Former car thief explains what cars are common targets and how he stole them

What a former car thief said were the biggest deterrents, what did not stop them, and what cars were the easiest targets.

What a former car thief said were the biggest deterrents, what did not stop them, and what cars were the easiest targets. KREM

SPOKANE, Wash. – Every year in Washington, thieves steal between 25,000 and 30,000 cars.

It is a huge problem that keeps police busy, leads to higher insurance rates and leaves the victims without a car.

If you live in Spokane the chances of having your car stolen are higher than in most other cities. According to The National Insurance Crime Bureau, in 2016 Spokane had the 11th highest per-capita car theft rate in the nation. In 2011, Spokane had the fourth highest per-capita car theft rate.

For more than 10 years Steve Sivertsen was addicted to meth. An addiction he fueled by stealing just about anything that was not bolted down, including cars. He estimates that he stole about 60 cars. Sivertsen's rap sheet includes everything from burglary and theft, to numerous drug-related charges, possession of stolen property, riot and escape.

In 2004, he made headlines after kicking the window out of a Geiger Corrections van and escaping. KREM 2 spoke with Sivertsen from jail after he was arrested a week later. 

"It was pretty dumb. I didn't have a getaway plan. It was really stupid. I didn't think. I didn't realize I'd even done it until I was running away,” he said in that interview.

In all, Sivertsen spent roughly 11 years behind bars. He says that life is behind him now. He is sober and now lives a productive life, working to connect recently released inmates with housing.

KREM 2 asked Sivertsen to show us what car thieves look for and he agreed. We picked him up at his Spokane Valley home and went straight to Northeast Spokane. A neighborhood he said he and other addicts often targeted in the earlier morning hours when most people were asleep.

“We would fill a car up, a five-seat vehicle with four people, just wanting to steal cars, with a four or five-hour window. Any car warming up. Any car that's the right kind of year, or any car on the shopping list," Sivertsen explained.

He said that “shopping list” came from a network of other criminals. If someone was looking for a certain part, like a hood or bumper off a certain make or model of car, he and other addicts went searching. It was an opportunity to make a few hundred dollars to buy drugs.

They did not always have a specific car or part in mind. Often, he said they went searching for easy targets, like a car left unlocked, or warming up on a cold winter morning.

"The first one that calls the exhaust, jumps out, that's mine, that's mine and gets out and tries the door. If it’s a nice enough car, break the window and steal it,” he said.

According to the Spokane Regional Auto Theft Task Force, 2,652 were stolen in 2016 in Spokane County. So far in 2017, 1,743 have been stolen. The most commonly stolen car in Spokane is a mid-90's Subaru Legacy. In Spokane County, a mid-90's Honda Accord is the most common.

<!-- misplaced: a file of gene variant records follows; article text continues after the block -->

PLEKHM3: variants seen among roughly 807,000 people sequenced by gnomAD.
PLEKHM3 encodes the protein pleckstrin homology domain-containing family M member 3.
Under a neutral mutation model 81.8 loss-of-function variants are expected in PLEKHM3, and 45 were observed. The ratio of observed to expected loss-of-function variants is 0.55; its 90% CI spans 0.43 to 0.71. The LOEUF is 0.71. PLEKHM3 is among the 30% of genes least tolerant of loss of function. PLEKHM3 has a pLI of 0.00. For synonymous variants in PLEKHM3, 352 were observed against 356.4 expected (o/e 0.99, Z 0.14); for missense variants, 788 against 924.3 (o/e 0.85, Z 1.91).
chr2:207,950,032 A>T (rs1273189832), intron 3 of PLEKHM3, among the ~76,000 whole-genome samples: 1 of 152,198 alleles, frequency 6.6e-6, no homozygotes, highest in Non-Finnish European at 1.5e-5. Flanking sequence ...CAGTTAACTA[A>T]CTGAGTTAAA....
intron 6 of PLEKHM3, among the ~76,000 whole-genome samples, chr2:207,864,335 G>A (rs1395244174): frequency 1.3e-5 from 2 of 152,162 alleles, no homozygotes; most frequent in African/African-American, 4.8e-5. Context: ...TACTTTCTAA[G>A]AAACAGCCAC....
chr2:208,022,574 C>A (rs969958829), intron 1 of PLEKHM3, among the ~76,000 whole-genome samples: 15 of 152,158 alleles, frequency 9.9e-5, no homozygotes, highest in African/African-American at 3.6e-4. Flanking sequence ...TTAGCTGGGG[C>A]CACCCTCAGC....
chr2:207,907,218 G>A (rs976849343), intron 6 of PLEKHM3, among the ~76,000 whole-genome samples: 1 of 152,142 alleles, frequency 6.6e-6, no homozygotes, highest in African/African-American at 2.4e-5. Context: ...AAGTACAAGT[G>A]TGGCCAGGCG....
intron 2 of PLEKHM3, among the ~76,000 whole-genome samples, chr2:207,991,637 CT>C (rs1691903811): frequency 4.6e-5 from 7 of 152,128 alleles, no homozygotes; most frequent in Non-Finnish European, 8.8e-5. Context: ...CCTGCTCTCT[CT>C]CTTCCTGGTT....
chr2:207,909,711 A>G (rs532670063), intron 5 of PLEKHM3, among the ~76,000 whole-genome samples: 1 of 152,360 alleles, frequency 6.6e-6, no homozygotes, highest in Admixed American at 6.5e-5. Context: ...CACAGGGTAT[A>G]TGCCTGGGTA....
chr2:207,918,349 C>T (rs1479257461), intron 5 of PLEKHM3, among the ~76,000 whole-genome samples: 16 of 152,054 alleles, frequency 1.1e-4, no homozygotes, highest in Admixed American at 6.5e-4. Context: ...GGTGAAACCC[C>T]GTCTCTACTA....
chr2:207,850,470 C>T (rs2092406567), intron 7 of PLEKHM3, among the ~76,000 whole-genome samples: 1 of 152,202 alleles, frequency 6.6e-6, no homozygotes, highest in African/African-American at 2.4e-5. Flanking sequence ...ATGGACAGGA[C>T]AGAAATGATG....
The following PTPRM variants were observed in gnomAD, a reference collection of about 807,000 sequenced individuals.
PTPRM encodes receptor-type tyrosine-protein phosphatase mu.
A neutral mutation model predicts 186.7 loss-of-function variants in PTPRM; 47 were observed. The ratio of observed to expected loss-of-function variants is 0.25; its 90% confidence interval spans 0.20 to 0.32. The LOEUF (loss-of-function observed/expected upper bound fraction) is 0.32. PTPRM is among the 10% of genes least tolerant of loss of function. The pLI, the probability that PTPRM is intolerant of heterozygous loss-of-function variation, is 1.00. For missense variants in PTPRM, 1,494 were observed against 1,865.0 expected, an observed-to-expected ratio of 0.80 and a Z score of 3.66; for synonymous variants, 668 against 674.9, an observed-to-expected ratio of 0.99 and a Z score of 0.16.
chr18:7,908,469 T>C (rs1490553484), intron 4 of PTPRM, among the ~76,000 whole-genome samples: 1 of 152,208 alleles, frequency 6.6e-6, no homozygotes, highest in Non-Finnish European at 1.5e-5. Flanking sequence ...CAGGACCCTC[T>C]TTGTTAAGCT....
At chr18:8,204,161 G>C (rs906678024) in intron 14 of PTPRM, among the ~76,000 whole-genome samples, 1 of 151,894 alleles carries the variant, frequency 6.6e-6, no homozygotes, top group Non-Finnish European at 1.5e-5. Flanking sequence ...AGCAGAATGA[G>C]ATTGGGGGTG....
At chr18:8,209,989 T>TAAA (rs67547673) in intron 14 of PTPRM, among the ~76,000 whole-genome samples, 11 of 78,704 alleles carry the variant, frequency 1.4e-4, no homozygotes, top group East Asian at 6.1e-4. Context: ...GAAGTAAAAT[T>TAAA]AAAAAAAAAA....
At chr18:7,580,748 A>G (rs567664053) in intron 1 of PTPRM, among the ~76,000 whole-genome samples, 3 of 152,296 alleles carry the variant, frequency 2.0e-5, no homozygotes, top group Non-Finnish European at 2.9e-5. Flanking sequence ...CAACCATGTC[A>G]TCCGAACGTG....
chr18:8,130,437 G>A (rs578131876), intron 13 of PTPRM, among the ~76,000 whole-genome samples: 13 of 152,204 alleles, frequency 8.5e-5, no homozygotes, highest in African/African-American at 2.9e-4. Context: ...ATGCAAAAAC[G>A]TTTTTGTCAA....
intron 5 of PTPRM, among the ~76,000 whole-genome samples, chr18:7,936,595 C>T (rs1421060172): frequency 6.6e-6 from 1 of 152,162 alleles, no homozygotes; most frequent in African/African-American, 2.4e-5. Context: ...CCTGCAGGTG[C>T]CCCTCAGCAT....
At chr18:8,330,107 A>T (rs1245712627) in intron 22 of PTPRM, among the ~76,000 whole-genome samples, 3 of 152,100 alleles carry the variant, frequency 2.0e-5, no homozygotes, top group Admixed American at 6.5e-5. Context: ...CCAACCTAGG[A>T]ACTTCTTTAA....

Sivertsen said older cars are easier to steal because the locks and ignitions are less complicated. They are easily opened and started with a shaved or worn-down key, referred to as a “jiggler keys” among thieves.

“A key that over time by no fault of its own had just worn down to be easily fit into like, per se, like a Honda. A wide variety of years and styles of Honda’s that key would work,” he explained. 

He said there are car thieves who target high-end, new cars. He believes the majority of car thefts in Spokane are crimes of opportunity, driven by addiction. Thieves looking for an easy target to make a quick buck, or to simply find a means to get from one point to another. For him, it did not matter if the cars were parked on the street, in driveways, or the alley. He also did not care if the owner was home at the time. If he did not steal the car, he said he would often break windows to get anything that looked valuable inside. When you are an addict, the bar for what is valuable is pretty low.

"You know, if I'm hard up enough and I’ve walked by six cars with change, I know I've got 20 bucks, so I'm going to break your window at least," Sivertson said. 

His advice to people: Don’t be an easy target. Lock your doors. Do not leave valuables like change, sunglasses or a purse in plain view. If you have a commonly stolen car, like a mid-90’s Honda, use a steering wheel lock, like the Club. Sivertsen said do not make the mistake of thinking your car is not valuable enough to steal. He said that just adds to the car theft and property crime problem plaguing Spokane.

"You would be surprised at how many cars, and cars of value, that people think don't have value, that they're not locking. So, lock your car doors, even the beater," he said. "Now, the community needs to be responsible and lock their doors on the cars they don't feel is valuable enough to lock, that's the problem right now. But that's adding to the problem.”

Also, do not leave the keys in your car. The National Insurance Crime Bureau found that from 2013 to 2015 that more than 147,000 cars were reported stolen with the keys left them in. Use common sense, lock your doors, close your windows and park in a well-lit area. Added layers of protection like alarms also help deter thefts. 

Watch the full story tonight at 6 p.m. on KREM 2.

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